The Note’s Must-Reads for Thursday, October 10, 2013

By Will Cantine

Oct 10, 2013 3:27am

The Note’s Must-Reads are a round-up of today’s political headlines and stories from ABC News and the top U.S. newspapers. Posted Monday through Friday right here at www.abcnews.com

Compiled by ABC News’ Jayce Henderson, Amanda VanAllen, Will Cantine and Carrie Halperin

GOVERNMENT SHUTDOWN
ABC News’ Abby D. Phillip: “A Day In The Life: One Republican’s Quest For Compromise In An Age Of Hardliners” Most of Rep. Leonard Lance’s New Jersey constituents were fairly cordial when he returned their calls Tuesday afternoon, but “sometimes they shout and yell,” the Republican said. “Sometimes they just vent.” It’s not hard to see why. Nine days into a government shutdown, Lance is one of a small group of Republicans and Democrats in Congress looking desperately for an escape valve to the crisis of government that seems to go on and on. Some, like Lance, are torn between their antipathy toward the health care law at the center of the shutdown standoff and their desire to get the government working, quickly. LINK

The USA Today’s Susan Davis and David Jackson: “Obama Convenes Talks With Congress On Ending Shutdown”  President Obama is stepping up his personal engagement with lawmakers over the government shutdown, setting up private meetings at the White House in an effort to make progress in deadlocked budget negotiations. The president “believes Congress will do the right thing” and vote to end the partial government shutdown and raise the debt ceiling by the Oct. 17 deadline, White House spokesman Jay Carney said. LINK

The Wall Street Journal’s Patrick O’Connor, Janet Hook and Carol E. Lee: “Shutdown Standoff Shows Signs Of A Thaw” The partisan logjam that has paralyzed the capital showed signs of easing Wednesday, as conservative Republicans warmed to the idea of a short-term increase in the country’s borrowing limit and House GOP leaders prepared for their first meeting with President Barack Obama since the government shutdown began. Rep. Paul Ryan (R., Wis.), chairman of the House Budget Committee, outlined a plan Wednesday to fellow conservatives to extend the nation’s borrowing limit for four to six weeks, paired with a framework for broader deficit-reduction talks, according to lawmakers briefed on the proposal. The greater the spending reduction the talks produced, the longer the next extension of the debt ceiling would be under Mr. Ryan’s plan. LINK

EGYPT
The Hills’ Carlo Munoz: “US suspends military sales, aid to Egypt” The White House is indefinitely suspending millions of dollars in military hardware and foreign aid to Egypt, in the wake of the interim government’s violent crackdown on opponents of the current regime. “We have decided to maintain our relationship with the Egyptian government, while recalibrating our assistance to Egypt to best advance our interests,” State Department spokeswoman Jen Psaki said Wednesday. LINK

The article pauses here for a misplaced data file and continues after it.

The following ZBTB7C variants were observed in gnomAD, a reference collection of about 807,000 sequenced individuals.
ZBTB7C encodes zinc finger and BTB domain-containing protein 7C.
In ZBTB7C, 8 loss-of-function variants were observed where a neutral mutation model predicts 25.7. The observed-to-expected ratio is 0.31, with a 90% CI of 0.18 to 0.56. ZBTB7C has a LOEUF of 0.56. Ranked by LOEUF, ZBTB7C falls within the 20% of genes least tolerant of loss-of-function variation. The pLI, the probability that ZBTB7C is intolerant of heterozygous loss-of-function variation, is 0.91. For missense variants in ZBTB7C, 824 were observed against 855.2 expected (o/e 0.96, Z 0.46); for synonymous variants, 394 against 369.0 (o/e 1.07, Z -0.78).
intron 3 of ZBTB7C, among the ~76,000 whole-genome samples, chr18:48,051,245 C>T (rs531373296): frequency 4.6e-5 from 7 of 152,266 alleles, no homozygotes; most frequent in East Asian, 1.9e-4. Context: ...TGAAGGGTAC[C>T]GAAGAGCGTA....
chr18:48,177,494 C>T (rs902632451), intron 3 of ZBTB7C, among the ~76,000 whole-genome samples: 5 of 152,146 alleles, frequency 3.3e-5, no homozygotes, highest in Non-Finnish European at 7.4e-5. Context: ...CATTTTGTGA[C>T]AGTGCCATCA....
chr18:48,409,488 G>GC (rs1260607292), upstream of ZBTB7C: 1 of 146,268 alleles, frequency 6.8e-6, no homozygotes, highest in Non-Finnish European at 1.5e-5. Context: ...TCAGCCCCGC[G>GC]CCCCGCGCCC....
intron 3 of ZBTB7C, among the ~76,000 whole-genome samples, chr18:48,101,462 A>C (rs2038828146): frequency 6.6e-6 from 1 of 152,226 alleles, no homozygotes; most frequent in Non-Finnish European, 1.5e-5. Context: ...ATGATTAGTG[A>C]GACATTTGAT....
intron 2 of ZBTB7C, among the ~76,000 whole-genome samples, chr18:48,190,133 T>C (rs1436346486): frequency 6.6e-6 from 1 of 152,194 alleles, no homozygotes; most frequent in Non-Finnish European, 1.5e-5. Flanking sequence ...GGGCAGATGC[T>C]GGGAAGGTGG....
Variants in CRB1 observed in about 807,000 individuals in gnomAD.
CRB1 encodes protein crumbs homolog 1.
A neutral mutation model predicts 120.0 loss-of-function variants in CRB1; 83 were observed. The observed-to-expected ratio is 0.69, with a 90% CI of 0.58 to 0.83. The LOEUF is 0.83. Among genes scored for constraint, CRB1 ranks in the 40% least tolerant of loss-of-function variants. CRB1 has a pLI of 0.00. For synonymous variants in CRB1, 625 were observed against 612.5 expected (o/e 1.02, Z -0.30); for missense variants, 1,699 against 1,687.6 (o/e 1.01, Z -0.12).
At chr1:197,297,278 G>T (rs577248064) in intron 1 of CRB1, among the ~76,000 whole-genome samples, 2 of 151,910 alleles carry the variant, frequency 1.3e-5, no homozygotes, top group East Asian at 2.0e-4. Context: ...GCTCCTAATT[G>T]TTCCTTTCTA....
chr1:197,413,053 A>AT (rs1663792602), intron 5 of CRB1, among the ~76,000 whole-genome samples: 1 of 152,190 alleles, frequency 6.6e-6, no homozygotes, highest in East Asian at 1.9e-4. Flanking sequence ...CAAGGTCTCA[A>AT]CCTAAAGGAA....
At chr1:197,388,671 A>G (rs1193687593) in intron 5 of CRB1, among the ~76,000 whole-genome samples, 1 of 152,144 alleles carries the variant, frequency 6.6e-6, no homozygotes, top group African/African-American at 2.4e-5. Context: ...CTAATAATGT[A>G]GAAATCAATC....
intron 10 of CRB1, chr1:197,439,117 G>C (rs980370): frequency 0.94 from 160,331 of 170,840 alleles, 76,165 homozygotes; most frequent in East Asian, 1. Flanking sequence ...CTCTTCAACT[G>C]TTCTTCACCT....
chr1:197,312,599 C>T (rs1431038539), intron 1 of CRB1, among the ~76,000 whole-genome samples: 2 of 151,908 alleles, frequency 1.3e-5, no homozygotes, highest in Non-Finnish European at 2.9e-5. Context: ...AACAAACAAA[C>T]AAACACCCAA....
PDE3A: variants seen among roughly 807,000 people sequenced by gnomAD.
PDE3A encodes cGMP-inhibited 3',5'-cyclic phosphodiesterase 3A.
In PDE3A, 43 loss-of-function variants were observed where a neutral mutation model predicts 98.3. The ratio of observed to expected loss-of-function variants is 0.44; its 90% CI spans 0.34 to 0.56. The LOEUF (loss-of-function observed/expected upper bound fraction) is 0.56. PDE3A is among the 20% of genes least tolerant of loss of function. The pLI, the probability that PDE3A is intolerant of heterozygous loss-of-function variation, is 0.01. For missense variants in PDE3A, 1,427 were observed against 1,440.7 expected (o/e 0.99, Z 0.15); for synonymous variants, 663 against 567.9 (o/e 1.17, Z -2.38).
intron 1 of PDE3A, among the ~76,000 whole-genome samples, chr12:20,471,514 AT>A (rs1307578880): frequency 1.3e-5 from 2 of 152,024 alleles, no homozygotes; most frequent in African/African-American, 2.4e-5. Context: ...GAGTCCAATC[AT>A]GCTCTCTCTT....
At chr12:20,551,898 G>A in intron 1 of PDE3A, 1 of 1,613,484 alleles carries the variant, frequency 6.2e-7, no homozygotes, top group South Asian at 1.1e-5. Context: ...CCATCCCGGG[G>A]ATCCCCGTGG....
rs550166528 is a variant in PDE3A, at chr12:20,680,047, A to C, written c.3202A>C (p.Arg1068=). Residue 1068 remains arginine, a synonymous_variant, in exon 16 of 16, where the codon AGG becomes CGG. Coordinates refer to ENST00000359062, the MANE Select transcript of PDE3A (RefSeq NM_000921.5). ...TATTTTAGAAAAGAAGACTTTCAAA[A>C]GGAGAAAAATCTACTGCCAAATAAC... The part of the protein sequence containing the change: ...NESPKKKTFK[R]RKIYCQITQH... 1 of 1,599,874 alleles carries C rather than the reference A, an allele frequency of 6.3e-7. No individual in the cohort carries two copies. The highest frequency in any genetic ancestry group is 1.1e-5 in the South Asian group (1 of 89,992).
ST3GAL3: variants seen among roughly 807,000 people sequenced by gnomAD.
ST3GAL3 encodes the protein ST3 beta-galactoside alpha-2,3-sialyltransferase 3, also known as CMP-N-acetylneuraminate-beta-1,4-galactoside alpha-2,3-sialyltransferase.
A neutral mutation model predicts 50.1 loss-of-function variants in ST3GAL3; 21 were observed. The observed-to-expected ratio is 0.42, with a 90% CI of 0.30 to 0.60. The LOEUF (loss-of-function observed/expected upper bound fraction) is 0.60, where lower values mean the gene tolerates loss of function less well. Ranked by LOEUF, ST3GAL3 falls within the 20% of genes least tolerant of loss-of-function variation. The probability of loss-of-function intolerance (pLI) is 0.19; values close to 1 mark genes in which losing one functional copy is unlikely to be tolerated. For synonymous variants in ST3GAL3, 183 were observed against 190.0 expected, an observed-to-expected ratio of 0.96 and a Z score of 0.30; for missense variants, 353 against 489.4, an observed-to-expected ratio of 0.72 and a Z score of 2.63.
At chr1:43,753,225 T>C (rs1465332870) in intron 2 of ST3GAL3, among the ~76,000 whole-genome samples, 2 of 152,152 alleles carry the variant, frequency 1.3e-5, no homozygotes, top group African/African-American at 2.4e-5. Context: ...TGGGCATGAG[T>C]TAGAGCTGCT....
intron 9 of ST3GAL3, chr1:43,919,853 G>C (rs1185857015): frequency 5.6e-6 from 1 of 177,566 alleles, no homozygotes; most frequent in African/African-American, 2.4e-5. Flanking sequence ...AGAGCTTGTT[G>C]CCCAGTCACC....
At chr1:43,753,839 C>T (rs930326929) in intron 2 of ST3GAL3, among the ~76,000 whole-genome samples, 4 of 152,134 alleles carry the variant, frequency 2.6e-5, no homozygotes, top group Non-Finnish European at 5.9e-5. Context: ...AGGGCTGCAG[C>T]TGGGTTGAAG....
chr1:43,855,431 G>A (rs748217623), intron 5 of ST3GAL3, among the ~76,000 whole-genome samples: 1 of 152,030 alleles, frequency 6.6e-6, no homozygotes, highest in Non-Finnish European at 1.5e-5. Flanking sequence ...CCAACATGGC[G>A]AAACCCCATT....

GOP
The Los Angeles Times’ Lisa Mascaro and Michael A. Memoli: “Rep. Paul Ryan fails to close Republican divide” Rep. Paul D. Ryan, the former Republican vice presidential candidate, has been a tea party favorite and a bridge between House conservatives and the party leadership ever since he took the lead in crafting a plan to scale back Medicare and other social programs to reduce federal spending. But on Wednesday, when Ryan (R-Wis.) stepped forward to try to bring Republican factions together behind a strategy to end the government’s latest budget stalemate, some of the same conservatives who once trusted him went cold. LINK

Politico’s  Rich Lowry: “Train wreck: The Obamacare rollout” ‘I’m not yet ready to be tsar,” Nicholas II reportedly said in 1894 when his predecessor died. “I know nothing of the business of ruling.” The tsarina of Obamacare, Secretary of Health and Human Services Kathleen Sebelius, must know how he felt. Given the keys to the kingdom of American health care by the sweeping 2010 law, she appears to have dropped them somewhere and is fumbling to pick them back up. LINK

BUDGET
Bloomberg’s Mike Dorning & Margaret Talev: “Obama’s Hardline Budget Stance Rooted in Anger Over 2011 Impasse” Shortly before President Barack Obama was re-elected, he confided to John Podesta, an informal adviser, a vow he was making for his second term: He would never again bargain with Republicans to extend the U.S. debt limit. The precedent, set in the agreement that ended a 2011 budget standoff, “sent a signal that this was fair game to blackmail over whether the country would default,” said Podesta, a onetime chief of staff to President Bill Clinton and co-chairman of Obama’s 2008 presidential transition, in an interview. “He feels like he has to end it and end it forever.” LINK

TROOP DEATH BENEFITS
The Washington Times’ Dave Boyer: “Congress and White House scramble to restore death benefits to troops’ families” President Obama and Congress scrambled Wednesday to reinstate death benefits for families of American troops killed in action, with the White House saying Mr. Obama was shocked to learn his Defense Department wasn’t paying the death gratuity because of the government shutdown. The House unanimously passed a bill to authorize payment of the gratuity, while Mr. Obama ordered the Pentagon to find a way to immediately begin paying the gratuity, which amounts to $100,000 to cover funeral costs and immediate needs. LINK

ABC NEWS VIDEO
President Tries To Crack Glass Ceiling With Fed Chair NodLINK
Obama Working To Resolve Military Death BenefitsLINK
For God’s Sake: Senate Chaplain Prays To End Shutdown ‘Madness’LINK
Shutdown Halts Payments To Families Of Troops Killed In ActionLINK
Shutdown’s Effect On Veterans Detailed On Capitol HillLINK

BOOKMARKS
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